Specify = k & h, k parameter = 0.9, h
parameter = 4.65, Fast Initial Response
FIR = 0, Method = Markov Chain.
Click the Calculate CUSUM ARL button to
produce the CUSUM Parameters, ARL table and chart
for these settings.
This gives large ARL values for shift in mean
<= 1 sigma and small ARLvalues for a shift in mean
>= 1.5 sigma.
Now we will use Monte Carlo simulation to obtain
approximate Run Length standard deviation and
percentiles using the CUSUM k parameter = 0.5 with a
Shewhart ARL0 value of 370.4. Enter Specify =
k &ARL0, k parameter = 0.5, In-Control
Average Run Length (ARL0) = 370.4, Fast
Initial Response FIR = 0, Method = Monte
Carlo, Number of Replications = 1e4,
Skewness = 0, Kurtosis (Normal is 0) = 0.
Note: The CUSUM h parameter will be
solved first using the Markov Chain approximation
and assumes a Normal distribution, so will match the
4.7749 value previously calculated above (6).
Click the Calculate CUSUM ARL button to
produce the CUSUM Parameters, Monte Carlo
approximate ARL table, ARL chart and Run Length
Standard Deviation and Percentiles table. Monte
Carlo simulation with 10,000 (1e4) replications will
take about a minute to run.
The additional run length statistics show the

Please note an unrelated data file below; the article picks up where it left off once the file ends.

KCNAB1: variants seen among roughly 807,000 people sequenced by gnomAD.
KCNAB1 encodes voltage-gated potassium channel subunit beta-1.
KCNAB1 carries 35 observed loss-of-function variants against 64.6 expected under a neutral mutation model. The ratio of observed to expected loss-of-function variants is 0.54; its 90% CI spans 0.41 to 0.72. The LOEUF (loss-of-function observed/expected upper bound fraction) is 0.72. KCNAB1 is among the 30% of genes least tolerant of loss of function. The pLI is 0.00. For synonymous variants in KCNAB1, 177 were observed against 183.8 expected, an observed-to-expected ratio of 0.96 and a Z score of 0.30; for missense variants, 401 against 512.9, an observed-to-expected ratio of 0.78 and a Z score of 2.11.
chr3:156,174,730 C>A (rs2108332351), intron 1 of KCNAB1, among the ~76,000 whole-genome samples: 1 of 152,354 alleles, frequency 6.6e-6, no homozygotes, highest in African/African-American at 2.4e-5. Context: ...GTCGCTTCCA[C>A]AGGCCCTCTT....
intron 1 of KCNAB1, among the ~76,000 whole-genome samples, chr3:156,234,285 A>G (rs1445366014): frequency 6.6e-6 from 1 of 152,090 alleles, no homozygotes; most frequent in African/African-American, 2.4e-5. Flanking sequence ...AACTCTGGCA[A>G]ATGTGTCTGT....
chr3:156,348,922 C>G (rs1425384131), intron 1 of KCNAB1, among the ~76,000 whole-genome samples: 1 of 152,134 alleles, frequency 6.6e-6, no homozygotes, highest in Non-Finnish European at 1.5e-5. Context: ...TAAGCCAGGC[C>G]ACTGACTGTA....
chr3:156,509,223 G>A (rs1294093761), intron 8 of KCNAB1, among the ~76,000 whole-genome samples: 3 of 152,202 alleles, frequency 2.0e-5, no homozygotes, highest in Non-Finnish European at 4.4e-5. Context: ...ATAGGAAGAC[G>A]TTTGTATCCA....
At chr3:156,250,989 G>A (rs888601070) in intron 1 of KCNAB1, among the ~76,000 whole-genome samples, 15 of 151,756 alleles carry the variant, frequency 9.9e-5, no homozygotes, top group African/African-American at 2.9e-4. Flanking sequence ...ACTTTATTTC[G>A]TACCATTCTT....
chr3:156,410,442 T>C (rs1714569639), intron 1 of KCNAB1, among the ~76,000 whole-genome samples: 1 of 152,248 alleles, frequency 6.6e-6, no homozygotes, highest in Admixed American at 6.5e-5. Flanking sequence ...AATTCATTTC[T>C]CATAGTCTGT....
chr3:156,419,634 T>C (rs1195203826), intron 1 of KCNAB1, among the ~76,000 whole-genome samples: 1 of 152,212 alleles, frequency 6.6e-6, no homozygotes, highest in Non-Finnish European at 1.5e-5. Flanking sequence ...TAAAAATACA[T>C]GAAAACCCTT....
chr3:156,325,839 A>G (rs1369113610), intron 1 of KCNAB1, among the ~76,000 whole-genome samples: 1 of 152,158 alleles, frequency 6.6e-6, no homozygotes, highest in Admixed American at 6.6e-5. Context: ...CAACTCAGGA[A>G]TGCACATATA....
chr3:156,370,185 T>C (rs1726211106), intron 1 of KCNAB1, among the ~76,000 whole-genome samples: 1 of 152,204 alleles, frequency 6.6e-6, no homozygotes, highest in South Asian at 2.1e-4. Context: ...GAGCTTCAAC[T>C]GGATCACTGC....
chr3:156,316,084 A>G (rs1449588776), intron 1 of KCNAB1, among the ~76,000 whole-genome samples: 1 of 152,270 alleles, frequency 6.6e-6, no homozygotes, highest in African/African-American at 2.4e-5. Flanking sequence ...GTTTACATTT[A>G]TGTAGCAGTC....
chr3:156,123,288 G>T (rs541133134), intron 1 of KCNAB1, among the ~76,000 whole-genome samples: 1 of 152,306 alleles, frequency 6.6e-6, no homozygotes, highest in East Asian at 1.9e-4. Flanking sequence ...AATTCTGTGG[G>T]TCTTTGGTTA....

large variation of run length values. The MRL0 = 255
(in-control median run length with 0 shift in
process mean).
Note: The results will vary slightly
since this is Monte Carlo simulation.
We will now assess robustness to nonnormality using
Monte Carlo simulation and compare to Shewhart and
EWMA charts. Enter Specify = k &ARL0, k
parameter = 0.5, In-Control Average Run
Length (ARL0) = 370.4, Fast Initial Response
FIR = 0, Method = Monte Carlo, Number of
Replications = 1e4, Skewness = 2,
Kurtosis (Normal is 0) = 6.
Click the Calculate CUSUM ARL button to
produce the CUSUM Parameters, Monte Carlo
approximate ARL table, ARL chart and Run Length
Standard Deviation and Percentiles table:
ARL0 is approximately 161.4 which is a 2.3 x
increase (370.4/161.4) in false alarms compared to
Normal but is a much better performance than the
ARL0 = 54.6 result for
Shewhart Individuals.
Stoumbos and Reynolds [5] recommend